Congressional Hearing: Obamacare On The Brink Of Collapse

Congressional Hearing
Well, look at that, all those predictions form 2010 are coming true... go figure!

In a recent hearing for the Senate Finance Committee, healthcare policy expert, Avik Roy, warned lawmakers that the “death spiral” that many economists had warned about has finally arrived. This death spiral comes as a majority of all within the Obamacare healthcare markets have incomes 200% below the federal poverty line (FPL) – defined as an annual income of $12,060 for an individual and $24,420 for a family of four.

President of the Foundation of Research on Equal Opportunity, Avik Roy, detailed how Obamacare’s flawed individual mandate has failed to keep the program from falling into a death spiral. “Most independent research finds that the individual mandate is not doing much to drive the uninsured to enroll in the ACA’s exchanges,” Roy explained. “While a heavily coercive and strictly enforced individual mandate could drive Americans to participate in the ACA’s high-cost market, the actual individual mandate stipulated in the ACA contains numerous loopholes and exemptions, with weak penalties for noncompliance.”

Roy said that due to a weak mandate, there is a higher proportion of individuals below the 200% federal poverty level enrolling for Obamacare and those with more stable income streams and ability to pay the premiums needed to fuel the wealth transfer in this insurance scheme are simply not signing up.

“The end result has been a partial actuarial death spiral, in which those below 200% of FPL enroll in large proportions in ACA exchanges, while those above 200% do not,” he said. “A study by Avalere Health, using HHS data, found that in 2016, only 33% of those with incomes between 200 and 250% of FPL had enrolled in exchange-based coverage, and 26% for those between 250 and 300 of FPL.”

Roy also highlighted that taxes and regulations of Obamacare have contributed to a surge in premiums across the nation, often by more than double – and this had driven even more people away from the exchanges. Even though the act contains subsidies to help lower the cost of rising premiums for a very select few, millions have been forced to pay vastly higher premiums.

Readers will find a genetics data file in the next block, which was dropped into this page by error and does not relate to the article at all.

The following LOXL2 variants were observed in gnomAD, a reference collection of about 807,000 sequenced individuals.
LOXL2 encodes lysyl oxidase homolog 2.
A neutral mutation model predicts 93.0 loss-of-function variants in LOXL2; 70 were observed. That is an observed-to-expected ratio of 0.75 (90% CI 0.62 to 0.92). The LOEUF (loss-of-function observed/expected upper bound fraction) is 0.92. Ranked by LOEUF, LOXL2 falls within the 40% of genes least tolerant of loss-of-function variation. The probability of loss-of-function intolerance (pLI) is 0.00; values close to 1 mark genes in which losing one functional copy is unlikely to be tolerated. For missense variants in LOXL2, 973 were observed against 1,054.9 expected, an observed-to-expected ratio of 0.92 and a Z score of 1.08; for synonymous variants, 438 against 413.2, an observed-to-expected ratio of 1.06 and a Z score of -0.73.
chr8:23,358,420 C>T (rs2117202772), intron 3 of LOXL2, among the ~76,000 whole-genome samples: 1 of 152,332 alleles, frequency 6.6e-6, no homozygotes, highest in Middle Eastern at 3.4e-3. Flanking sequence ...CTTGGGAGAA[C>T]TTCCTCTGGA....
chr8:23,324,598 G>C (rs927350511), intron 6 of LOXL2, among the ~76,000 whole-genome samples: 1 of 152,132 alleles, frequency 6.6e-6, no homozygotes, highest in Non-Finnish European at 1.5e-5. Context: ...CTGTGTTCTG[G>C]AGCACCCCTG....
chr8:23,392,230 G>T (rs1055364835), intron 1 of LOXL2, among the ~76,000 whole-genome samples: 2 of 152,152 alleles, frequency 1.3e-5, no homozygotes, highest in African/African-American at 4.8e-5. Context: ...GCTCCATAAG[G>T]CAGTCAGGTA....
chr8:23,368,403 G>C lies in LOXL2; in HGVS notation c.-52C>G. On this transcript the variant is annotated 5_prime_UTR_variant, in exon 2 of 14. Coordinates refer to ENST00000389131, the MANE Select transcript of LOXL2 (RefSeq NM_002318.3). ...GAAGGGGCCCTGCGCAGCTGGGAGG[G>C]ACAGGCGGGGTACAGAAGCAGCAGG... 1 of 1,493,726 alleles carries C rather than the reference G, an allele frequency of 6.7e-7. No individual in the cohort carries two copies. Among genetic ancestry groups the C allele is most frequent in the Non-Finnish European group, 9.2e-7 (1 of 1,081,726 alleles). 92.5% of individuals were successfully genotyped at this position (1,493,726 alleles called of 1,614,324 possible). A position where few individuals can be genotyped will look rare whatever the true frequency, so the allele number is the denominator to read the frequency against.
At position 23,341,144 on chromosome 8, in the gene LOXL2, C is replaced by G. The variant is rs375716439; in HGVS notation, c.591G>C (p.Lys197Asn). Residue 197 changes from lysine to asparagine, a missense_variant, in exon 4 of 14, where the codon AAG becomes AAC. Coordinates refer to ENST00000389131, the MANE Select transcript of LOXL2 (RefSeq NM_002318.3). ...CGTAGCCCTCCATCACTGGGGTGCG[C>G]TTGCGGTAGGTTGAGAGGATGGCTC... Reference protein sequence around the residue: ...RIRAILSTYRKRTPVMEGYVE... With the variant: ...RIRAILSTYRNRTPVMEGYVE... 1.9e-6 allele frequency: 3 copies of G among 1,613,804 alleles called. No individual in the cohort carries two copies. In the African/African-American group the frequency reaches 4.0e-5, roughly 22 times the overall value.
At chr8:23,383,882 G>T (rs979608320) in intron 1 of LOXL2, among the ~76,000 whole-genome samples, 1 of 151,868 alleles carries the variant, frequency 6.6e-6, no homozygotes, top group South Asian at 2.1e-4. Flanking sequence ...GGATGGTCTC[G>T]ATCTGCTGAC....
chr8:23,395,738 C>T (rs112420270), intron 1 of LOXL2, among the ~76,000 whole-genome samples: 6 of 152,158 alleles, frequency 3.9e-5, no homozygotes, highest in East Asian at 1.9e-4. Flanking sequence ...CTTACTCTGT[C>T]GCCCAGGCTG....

“While the subsidies have worked to blunt the impact of higher premiums for those with incomes below 200% of the Federal Poverty Level, millions of working families of limited means have not benefited from the ACA’s policy mix,” he said. “Indeed, data from insurer filings indicates that, even after ACA subsidies are taken into account, most individuals above 200% of FPL are paying higher premiums than they did prior to the ACA.”

Edmund Haislmaieir, a healthcare expert from the Heritage Foundation, also spoke to lawmakers on Tuesday. He told lawmakers that there are no expectations of Obamacare’s risk profile improving because most healthy individuals earning more that 250% of the federal poverty level are not enrolling for Obamacare.

“More concerning are the instances of insurers ceasing to offer ACA-compliant coverage outside of the exchanges to the unsubsidized population,” Haislmaier warned. “In that subset of the market there is more danger of a so-called death spiral setting in as escalating premiums price more customers out of the market.”

Senator Orrin Hatch, who serves as Chairman of the Financial Services Committee, and presided over the panel concluded that, “One of the chief assumptions underlying the Affordable Care Act was that, if the government forced people to purchase health insurance, more young, healthy people would enter the insurance market, which was supposed to offset the increased costs imposed by all of the law’s mandates and ensuing regulation. However, Hatch noted that this intergenerational wealth transfer has not materialized, and, that Obamacare, “may be reaching a tipping point where those who previously had insurance are being priced out of the market and actually becoming uninsured since the enactment of Obamacare.”

Morgan is a freelance writer for a variety of publications covering popular culture, societal behavior and the political influences of each.